Recorded: 20 Feb 2001
Another area of research that has come out of that same study of stem cell mutants are mutants that are involved—and we were surprised by this—in a thing called RNA-i. RNA interference is a relatively new phenomenon in animals, though it's actually been known in plants for a rather long time. Some of the mutants that we discovered in stem cell function turned out to be genes that controlled RNA interference. RNA interference is an epigenetic mechanism. It is an epigenetic mechanism that influences the genome as a whole and we're now using genome technology, like micro arrays for example, and the genome sequence in Arabidopsis to start to ask questions about how it has the impact that it does on development.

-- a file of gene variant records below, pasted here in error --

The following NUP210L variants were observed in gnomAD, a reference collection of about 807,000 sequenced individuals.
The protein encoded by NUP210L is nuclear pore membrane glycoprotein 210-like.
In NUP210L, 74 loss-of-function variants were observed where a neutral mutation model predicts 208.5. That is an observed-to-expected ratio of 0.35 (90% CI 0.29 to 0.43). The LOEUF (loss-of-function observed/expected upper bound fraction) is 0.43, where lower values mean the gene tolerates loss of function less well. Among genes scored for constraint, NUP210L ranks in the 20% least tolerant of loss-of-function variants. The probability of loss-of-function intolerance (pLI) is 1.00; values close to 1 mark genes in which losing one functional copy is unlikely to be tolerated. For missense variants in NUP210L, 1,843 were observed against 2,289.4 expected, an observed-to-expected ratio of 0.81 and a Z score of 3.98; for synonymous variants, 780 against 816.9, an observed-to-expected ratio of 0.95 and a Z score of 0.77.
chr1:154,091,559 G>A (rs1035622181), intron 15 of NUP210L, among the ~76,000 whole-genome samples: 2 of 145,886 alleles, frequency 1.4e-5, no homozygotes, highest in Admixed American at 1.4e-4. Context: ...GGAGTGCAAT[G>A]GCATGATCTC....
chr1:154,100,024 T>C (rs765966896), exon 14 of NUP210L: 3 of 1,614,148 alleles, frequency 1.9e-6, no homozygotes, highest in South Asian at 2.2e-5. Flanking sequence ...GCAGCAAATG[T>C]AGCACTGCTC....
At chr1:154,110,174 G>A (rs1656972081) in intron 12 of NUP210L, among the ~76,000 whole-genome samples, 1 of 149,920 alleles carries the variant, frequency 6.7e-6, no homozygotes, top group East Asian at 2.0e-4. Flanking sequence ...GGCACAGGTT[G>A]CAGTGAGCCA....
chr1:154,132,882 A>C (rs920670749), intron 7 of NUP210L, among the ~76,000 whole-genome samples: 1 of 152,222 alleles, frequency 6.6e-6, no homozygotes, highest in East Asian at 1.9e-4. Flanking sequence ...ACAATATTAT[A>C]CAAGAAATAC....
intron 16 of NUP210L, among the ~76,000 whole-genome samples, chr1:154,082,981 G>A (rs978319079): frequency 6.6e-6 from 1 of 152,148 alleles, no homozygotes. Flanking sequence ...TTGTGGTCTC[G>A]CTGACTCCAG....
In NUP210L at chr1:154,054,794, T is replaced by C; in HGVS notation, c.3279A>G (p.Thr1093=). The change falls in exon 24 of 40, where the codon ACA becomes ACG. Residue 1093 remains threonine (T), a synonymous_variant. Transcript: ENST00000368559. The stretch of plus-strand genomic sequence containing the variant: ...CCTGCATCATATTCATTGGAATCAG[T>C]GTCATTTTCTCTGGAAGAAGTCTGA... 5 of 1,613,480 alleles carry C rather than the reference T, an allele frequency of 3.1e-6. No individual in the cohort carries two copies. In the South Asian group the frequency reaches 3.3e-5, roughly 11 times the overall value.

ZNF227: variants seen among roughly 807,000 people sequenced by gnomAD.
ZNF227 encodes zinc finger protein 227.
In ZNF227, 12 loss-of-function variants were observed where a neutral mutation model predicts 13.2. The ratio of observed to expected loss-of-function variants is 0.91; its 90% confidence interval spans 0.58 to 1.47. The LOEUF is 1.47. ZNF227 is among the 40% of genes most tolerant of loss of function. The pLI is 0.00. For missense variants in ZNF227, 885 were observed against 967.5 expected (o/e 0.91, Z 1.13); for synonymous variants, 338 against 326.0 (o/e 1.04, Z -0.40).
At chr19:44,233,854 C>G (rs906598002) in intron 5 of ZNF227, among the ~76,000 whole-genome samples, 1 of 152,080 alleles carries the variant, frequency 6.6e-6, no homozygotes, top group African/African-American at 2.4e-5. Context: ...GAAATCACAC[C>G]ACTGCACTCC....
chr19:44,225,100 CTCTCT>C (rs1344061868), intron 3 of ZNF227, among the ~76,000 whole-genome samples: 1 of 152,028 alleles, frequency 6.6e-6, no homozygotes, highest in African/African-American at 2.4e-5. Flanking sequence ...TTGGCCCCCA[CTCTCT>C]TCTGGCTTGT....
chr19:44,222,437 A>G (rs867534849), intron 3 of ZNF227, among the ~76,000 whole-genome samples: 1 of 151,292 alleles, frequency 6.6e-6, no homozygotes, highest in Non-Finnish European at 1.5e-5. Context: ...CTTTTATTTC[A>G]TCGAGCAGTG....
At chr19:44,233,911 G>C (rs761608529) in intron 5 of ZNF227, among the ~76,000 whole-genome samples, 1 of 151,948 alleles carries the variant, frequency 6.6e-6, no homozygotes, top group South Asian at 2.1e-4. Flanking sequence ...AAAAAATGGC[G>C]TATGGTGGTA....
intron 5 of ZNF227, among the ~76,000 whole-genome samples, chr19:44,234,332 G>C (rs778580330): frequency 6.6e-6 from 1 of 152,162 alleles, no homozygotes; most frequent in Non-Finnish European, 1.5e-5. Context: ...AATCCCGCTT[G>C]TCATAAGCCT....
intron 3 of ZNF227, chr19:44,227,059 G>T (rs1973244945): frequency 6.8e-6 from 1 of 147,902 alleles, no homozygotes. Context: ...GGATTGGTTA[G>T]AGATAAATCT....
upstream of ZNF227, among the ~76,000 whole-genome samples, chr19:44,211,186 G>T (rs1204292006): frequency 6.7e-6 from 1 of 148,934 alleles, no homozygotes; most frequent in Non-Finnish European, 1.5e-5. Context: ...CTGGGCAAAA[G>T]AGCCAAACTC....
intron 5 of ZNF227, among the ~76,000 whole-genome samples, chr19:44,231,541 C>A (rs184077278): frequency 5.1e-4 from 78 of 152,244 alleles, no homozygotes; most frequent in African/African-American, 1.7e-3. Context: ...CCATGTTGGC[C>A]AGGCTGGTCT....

Rob Martienssen is a plant molecular geneticist and professor at Cold Spring Harbor Laboratory. He received his Ph.D. from Cambridge University in 1986 and did postdoctoral research at the University of California, Berkeley.
As a young scientist, he worked closely with Barbara McClintock. He currently studies plant epigenetics and development using functional genomics. He was awarded the Kumho International Science Award in Plant Biology and Biotechnology (2001).